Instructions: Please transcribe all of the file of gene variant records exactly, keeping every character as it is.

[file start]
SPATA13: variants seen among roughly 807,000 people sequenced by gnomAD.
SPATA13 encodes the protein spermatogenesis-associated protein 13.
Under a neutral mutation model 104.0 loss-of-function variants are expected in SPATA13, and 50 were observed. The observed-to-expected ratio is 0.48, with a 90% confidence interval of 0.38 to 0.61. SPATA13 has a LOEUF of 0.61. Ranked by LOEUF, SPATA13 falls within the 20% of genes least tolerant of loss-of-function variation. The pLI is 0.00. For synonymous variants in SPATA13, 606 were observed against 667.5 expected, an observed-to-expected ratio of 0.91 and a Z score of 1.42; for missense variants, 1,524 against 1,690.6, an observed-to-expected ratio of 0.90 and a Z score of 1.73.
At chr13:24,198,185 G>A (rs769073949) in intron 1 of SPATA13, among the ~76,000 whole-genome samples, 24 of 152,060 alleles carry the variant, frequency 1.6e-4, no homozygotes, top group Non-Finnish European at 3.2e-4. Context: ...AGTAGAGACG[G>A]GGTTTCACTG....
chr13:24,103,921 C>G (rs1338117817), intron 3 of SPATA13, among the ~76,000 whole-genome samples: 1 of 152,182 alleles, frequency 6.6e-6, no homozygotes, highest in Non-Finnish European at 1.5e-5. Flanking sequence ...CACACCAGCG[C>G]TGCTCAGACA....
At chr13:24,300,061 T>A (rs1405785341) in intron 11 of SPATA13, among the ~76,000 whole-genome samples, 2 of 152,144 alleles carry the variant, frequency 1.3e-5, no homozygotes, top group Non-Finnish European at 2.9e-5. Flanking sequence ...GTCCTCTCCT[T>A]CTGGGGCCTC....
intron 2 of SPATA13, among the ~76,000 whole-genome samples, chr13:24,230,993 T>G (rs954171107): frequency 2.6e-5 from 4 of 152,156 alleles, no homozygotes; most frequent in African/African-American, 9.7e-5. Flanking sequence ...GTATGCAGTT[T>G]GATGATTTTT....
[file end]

SPATA13: variants seen among roughly 807,000 people sequenced by gnomAD.
SPATA13 encodes the protein spermatogenesis-associated protein 13.
Under a neutral mutation model 104.0 loss-of-function variants are expected in SPATA13, and 50 were observed. The observed-to-expected ratio is 0.48, with a 90% confidence interval of 0.38 to 0.61. SPATA13 has a LOEUF of 0.61. Ranked by LOEUF, SPATA13 falls within the 20% of genes least tolerant of loss-of-function variation. The pLI is 0.00. For synonymous variants in SPATA13, 606 were observed against 667.5 expected, an observed-to-expected ratio of 0.91 and a Z score of 1.42; for missense variants, 1,524 against 1,690.6, an observed-to-expected ratio of 0.90 and a Z score of 1.73.
At chr13:24,198,185 G>A (rs769073949) in intron 1 of SPATA13, among the ~76,000 whole-genome samples, 24 of 152,060 alleles carry the variant, frequency 1.6e-4, no homozygotes, top group Non-Finnish European at 3.2e-4. Context: ...AGTAGAGACG[G>A]GGTTTCACTG....
chr13:24,103,921 C>G (rs1338117817), intron 3 of SPATA13, among the ~76,000 whole-genome samples: 1 of 152,182 alleles, frequency 6.6e-6, no homozygotes, highest in Non-Finnish European at 1.5e-5. Flanking sequence ...CACACCAGCG[C>G]TGCTCAGACA....
At chr13:24,300,061 T>A (rs1405785341) in intron 11 of SPATA13, among the ~76,000 whole-genome samples, 2 of 152,144 alleles carry the variant, frequency 1.3e-5, no homozygotes, top group Non-Finnish European at 2.9e-5. Flanking sequence ...GTCCTCTCCT[T>A]CTGGGGCCTC....
intron 2 of SPATA13, among the ~76,000 whole-genome samples, chr13:24,230,993 T>G (rs954171107): frequency 2.6e-5 from 4 of 152,156 alleles, no homozygotes; most frequent in African/African-American, 9.7e-5. Flanking sequence ...GTATGCAGTT[T>G]GATGATTTTT....